In 1963 Phoenix resident Ernesto Miranda was arrested and charged with rape, kidnapping and robbery. As was the practice at the time, he was not told of his constitutional rights not to self-incriminate himself prior to police questioning. During a two-hour interrogation Miranda allegedly confessed and that confession was recorded. Miranda, who left school in ninth grade and had a history of mental instability, didn’t have an attorney present.
The prosecution’s case at trial was solely his confession. Miranda was convicted of both rape and kidnapping and sentenced to twenty to thirty years in prison. His appeal to the Arizona Supreme Court, arguing his confession was unconstitutionally obtained, was denied. Miranda appealed to the U.S. Supreme Court. Its 1966 decision in Miranda’s case has impacted virtually every criminal arrest in the country since.
The court redefined the direction of modern law enforcement because of Miranda v. Arizona, one of the best known and influential legal decisions in modern times. Trying to prevent the compelling pressures part of “police dominated atmosphere” of questioning suspects in custody (when the person is deprived of his or her freedom of action in any significant way), the Court, at the time lead by Chief Justice
Earl Warren, spelled out the familiar four piece warnings that we have heard on television shows and movies when criminal suspects are being interrogated.
A suspect has the right to remain silent. What a suspect says can be used against him or her in a court of law. The suspect has a right to legal counsel and if the suspect can’t afford one, the court will appoint one.
These statements must be made if the person is in custody before an interrogation can legally commence and those rights must be voluntarily, knowingly and intelligently waived in order for subsequent statements to be admissible in court. The majority saw the warnings as a necessary safeguard to protect a suspect’s underlying Fifth Amendment privilege against self-incrimination.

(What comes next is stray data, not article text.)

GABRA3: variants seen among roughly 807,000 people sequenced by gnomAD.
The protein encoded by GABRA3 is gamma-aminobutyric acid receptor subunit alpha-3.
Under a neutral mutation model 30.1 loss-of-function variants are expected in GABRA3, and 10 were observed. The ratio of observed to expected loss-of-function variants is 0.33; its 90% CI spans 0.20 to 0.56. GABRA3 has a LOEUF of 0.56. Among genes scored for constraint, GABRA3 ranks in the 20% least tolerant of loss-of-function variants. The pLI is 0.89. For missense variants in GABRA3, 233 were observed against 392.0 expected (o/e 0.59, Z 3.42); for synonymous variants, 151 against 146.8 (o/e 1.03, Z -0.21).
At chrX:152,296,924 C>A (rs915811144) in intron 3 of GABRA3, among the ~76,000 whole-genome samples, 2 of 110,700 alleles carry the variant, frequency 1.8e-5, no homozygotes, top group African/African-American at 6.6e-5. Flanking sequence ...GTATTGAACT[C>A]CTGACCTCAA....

The five to four majority decision in Miranda noted the history of the “third degree” (the use of physical violence, the threat of physical violence and psychological abuse) in interrogations and the danger of false confessions, it described modern interrogations as “psychologically rather than physically oriented.” Using police training manuals, the court described custodial police questioning as manipulative, heavy handed and oppressive, which threatened to overpower rational decision making of suspects who were ignorant of their constitutional rights.
Not all solutions work all the time. Like any legal decision, affected parties will adjust. One way law enforcement tries to minimize the impact of this decision is to talk to the suspect while he or she is not in police custody (which triggers the need to read the warnings) so anything the person says may be used at trial. Law enforcement may delay or avoid arresting a suspect, making it clear to the person they’re free to go. If a sufficiently incriminating statement is made, the arrest could then be made and the statement can be used in court.
Despite the loopholes that have been developed since the Miranda decision in 1966, it results in those being questioned by the police better understanding their constitutional rights and being able to better make decisions as to what to say or do while in police custody.